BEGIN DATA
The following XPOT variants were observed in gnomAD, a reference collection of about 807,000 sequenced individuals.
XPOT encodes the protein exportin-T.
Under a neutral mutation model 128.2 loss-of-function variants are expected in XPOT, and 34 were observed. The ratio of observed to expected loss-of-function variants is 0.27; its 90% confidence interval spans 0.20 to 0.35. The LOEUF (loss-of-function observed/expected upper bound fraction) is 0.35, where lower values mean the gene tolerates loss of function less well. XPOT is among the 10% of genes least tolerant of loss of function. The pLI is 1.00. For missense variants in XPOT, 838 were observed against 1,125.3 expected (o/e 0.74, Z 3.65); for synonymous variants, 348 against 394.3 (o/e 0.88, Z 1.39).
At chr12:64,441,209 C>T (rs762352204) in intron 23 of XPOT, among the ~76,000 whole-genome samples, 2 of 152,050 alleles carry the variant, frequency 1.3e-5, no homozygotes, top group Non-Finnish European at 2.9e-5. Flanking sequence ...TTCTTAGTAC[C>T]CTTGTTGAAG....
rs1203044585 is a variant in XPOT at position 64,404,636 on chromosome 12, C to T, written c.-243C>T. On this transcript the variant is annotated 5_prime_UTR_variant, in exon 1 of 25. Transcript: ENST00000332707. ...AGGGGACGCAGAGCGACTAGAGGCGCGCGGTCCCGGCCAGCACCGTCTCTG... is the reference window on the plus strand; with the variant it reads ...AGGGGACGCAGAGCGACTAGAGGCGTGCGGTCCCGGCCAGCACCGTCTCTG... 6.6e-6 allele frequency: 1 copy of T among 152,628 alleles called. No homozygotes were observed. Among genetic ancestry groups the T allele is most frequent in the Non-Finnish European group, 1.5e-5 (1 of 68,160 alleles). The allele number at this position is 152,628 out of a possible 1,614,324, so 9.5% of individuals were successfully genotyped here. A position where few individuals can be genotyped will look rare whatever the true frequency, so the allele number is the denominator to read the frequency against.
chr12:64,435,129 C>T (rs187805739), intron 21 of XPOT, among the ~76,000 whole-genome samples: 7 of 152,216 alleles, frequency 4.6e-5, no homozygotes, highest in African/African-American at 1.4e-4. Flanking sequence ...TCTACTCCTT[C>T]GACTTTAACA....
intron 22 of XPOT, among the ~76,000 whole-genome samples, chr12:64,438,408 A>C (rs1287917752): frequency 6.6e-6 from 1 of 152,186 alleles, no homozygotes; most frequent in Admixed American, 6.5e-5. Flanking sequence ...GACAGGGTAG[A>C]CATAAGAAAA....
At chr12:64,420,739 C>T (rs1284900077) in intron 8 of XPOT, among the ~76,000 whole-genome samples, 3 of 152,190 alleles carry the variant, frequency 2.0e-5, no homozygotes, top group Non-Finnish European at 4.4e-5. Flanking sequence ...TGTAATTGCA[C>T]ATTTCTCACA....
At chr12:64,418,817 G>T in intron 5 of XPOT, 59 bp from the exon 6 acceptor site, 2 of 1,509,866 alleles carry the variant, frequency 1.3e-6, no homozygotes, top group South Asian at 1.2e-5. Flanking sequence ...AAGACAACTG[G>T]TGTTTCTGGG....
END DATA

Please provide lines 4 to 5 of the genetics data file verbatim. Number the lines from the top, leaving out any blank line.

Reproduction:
At chr12:64,441,209 C>T (rs762352204) in intron 23 of XPOT, among the ~76,000 whole-genome samples, 2 of 152,050 alleles carry the variant, frequency 1.3e-5, no homozygotes, top group Non-Finnish European at 2.9e-5. Flanking sequence ...TTCTTAGTAC[C>T]CTTGTTGAAG....
rs1203044585 is a variant in XPOT at position 64,404,636 on chromosome 12, C to T, written c.-243C>T. On this transcript the variant is annotated 5_prime_UTR_variant, in exon 1 of 25. Transcript: ENST00000332707. ...AGGGGACGCAGAGCGACTAGAGGCGCGCGGTCCCGGCCAGCACCGTCTCTG... is the reference window on the plus strand; with the variant it reads ...AGGGGACGCAGAGCGACTAGAGGCGTGCGGTCCCGGCCAGCACCGTCTCTG... 6.6e-6 allele frequency: 1 copy of T among 152,628 alleles called. No homozygotes were observed. Among genetic ancestry groups the T allele is most frequent in the Non-Finnish European group, 1.5e-5 (1 of 68,160 alleles). The allele number at this position is 152,628 out of a possible 1,614,324, so 9.5% of individuals were successfully genotyped here. A position where few individuals can be genotyped will look rare whatever the true frequency, so the allele number is the denominator to read the frequency against.